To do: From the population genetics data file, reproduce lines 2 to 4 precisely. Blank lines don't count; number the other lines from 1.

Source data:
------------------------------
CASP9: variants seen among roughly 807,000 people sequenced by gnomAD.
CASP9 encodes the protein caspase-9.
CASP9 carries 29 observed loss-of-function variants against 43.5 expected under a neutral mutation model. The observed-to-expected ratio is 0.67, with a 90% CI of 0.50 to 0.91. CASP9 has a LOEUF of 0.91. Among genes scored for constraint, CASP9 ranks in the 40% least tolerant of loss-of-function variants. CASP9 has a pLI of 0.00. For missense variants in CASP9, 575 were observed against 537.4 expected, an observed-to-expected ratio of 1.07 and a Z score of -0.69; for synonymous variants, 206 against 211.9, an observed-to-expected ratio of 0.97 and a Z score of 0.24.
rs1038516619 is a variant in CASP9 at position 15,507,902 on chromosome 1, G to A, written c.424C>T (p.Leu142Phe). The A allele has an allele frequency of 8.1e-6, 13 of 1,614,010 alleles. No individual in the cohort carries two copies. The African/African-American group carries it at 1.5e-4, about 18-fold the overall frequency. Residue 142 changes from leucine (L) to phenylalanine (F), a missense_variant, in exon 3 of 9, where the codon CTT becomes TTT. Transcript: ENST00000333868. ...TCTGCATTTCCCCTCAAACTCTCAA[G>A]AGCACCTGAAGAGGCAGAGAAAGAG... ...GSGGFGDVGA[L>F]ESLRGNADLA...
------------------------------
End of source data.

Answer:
CASP9 encodes the protein caspase-9.
CASP9 carries 29 observed loss-of-function variants against 43.5 expected under a neutral mutation model. The observed-to-expected ratio is 0.67, with a 90% CI of 0.50 to 0.91. CASP9 has a LOEUF of 0.91. Among genes scored for constraint, CASP9 ranks in the 40% least tolerant of loss-of-function variants. CASP9 has a pLI of 0.00. For missense variants in CASP9, 575 were observed against 537.4 expected, an observed-to-expected ratio of 1.07 and a Z score of -0.69; for synonymous variants, 206 against 211.9, an observed-to-expected ratio of 0.97 and a Z score of 0.24.
rs1038516619 is a variant in CASP9 at position 15,507,902 on chromosome 1, G to A, written c.424C>T (p.Leu142Phe). The A allele has an allele frequency of 8.1e-6, 13 of 1,614,010 alleles. No individual in the cohort carries two copies. The African/African-American group carries it at 1.5e-4, about 18-fold the overall frequency. Residue 142 changes from leucine (L) to phenylalanine (F), a missense_variant, in exon 3 of 9, where the codon CTT becomes TTT. Transcript: ENST00000333868. ...TCTGCATTTCCCCTCAAACTCTCAA[G>A]AGCACCTGAAGAGGCAGAGAAAGAG... ...GSGGFGDVGA[L>F]ESLRGNADLA...